The 3rd edition of the festival presents works about Poland's current reflection on history, that shed a critical light on the present capitalist times. With a live trailer on the last part of Yael Bartana's film trilogy about Polish-Jewish relations that illustrate the universal language of political propaganda. The Raqs Media Collective have been commissioned to put together a video installation made up of sound, text and archive material.
In the past few years the Polish self-understanding has radically changed. Joining the EU has altered the face of society with economic growth on the one hand, and with the beginning of the crisis on the other. Not everything that has been promised is being realised. There is now a stronger will to come to terms with recent history. Many current theatrical works focus on the years of the Second World War, the crimes, anti-Semitism on the Polish side, the collaboration with the Germans. Reflecting about one’s own history does not change anything about the pursuit of happiness which after the end of communism it seems can only be found in capitalism. However capitalism as a system without an alternative has already brought forth a new critical Left which excels in making use of the media.
For our third edition of Polski Express we have invited works that are about Poland’s current reflection on history, works that shed a critical light on the present capitalist times, works that are in search of their own language. In Kaspar (26 until 28 May) acclaimed young director Barbara Wysocka explores the boundaries of language. Kaspar Hauser becomes a symbol for language as a prison, a prison from which there is no escape. There does not seem to be an alternative to the capitalist system, same as we are caught up in language – there is not meta-language! Harakiri Farmers, a young group from Cracow working in an interdisciplinary way, is in with a similar approach. In We Are Oh So Lucky! (28 and 29 May) they create a hybrid theatrical language that treats motion, image and word in an equal manner. "We are – oh – so lucky", we have been lucky, we got away with it. The character of Lucky in "Waiting for Godot" is a playful reference in text, image and motion, opening up perspectives on the construction of reality.
With Samsara Disco (25 and 27 May) Agnieska Olsten presents a new interpretation of Chekhov’s "Ivanov", based on Victor Pelevin’s "The Life of Insects". Samsara as the eternal cycle of becoming and fading away, where greed, hatred and blindness are the driving force that has to be overcome, meets disco as a place of celebrating where pure profanity is being commemorated. After communism the only fulfilment seems to lie in consumism. Is enlightenment possible at all? And where do the emotions come from? They have to be searched outside of the appearance, as everyone here wants to move in the direction of the light, but ends up in darkness all the time.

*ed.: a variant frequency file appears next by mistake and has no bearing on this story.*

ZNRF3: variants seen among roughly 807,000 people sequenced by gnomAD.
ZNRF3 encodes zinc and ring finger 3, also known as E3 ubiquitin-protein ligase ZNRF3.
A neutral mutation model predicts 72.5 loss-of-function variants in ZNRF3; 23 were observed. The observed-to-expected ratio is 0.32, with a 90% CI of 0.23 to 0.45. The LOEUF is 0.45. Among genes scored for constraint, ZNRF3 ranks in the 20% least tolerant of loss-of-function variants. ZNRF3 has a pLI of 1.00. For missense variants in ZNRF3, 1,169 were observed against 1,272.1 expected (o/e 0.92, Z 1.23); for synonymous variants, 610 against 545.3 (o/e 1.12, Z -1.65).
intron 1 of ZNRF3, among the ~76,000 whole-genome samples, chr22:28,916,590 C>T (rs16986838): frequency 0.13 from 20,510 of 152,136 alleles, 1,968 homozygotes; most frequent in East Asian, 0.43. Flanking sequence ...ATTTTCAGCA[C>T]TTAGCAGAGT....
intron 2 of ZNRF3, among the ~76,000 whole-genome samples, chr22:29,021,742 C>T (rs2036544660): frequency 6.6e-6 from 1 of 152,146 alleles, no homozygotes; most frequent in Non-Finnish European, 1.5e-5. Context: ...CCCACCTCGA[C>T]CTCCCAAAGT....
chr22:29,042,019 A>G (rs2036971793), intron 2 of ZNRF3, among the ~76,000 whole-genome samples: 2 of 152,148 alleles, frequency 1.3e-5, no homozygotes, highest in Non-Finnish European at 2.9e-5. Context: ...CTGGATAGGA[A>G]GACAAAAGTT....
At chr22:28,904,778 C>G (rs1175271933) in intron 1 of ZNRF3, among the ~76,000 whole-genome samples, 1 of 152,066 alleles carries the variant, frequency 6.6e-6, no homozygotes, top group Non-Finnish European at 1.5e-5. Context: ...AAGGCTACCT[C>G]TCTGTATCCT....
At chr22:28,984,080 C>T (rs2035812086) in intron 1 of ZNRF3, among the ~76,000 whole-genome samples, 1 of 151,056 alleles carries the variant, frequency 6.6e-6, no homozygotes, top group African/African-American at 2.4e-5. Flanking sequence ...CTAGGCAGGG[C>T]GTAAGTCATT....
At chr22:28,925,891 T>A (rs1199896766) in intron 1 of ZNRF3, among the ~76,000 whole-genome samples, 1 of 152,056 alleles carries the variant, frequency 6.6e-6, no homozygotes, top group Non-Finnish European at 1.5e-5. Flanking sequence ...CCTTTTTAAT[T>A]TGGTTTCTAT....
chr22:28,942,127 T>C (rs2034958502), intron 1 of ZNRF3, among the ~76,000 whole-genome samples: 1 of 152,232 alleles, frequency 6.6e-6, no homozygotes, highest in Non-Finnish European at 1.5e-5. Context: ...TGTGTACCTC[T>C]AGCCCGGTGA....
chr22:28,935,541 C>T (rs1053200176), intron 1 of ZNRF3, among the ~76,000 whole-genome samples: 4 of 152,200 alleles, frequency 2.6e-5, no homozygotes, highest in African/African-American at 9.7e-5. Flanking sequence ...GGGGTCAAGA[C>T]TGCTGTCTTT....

To start the Festival on 25 May we will show a live trailer on the third and last part of Yael Bartana’s film trilogy about Polish-Jewish relations, based on "Mary Koszmary" (Nightmares) and "Mur i wieża" (Wall and Tower). We will be strong in our weakness will present a congress of Jewish Renaissance in Poland. Bartana uses the visual and linguistic qualities of the assembly of a new political movement in order to illustrate the universal language of political propaganda – a repertoire of gestures, rhetoric and symbols that are not linked to a particular time or ideology. Thus history can be interpreted as a form of collective psycho-therapy where national demons are being awakened and brought to the light of day.
The Indian artists, documentary filmmakers, networkers and specialists for urban questions Monica Narula, Jeebesh Bagchi and Shuddhabrata Sengupta from the Raqs Media Collective have been commissioned by the Goethe Insitute to put together in three metropolises a video installation made up of sound, text and archive material with the title "The Capital of Accumulation" (25 May until 04 July). With a narrative structure following Rosa Luxemburg’s "The Accumulation of Capitals" Raqs develops a common economic, political, social and urban history that could have occured like this in 20th century Berlin, Mumbai or Warsaw: Stories about the promise for a new beginning, about failing and about passages.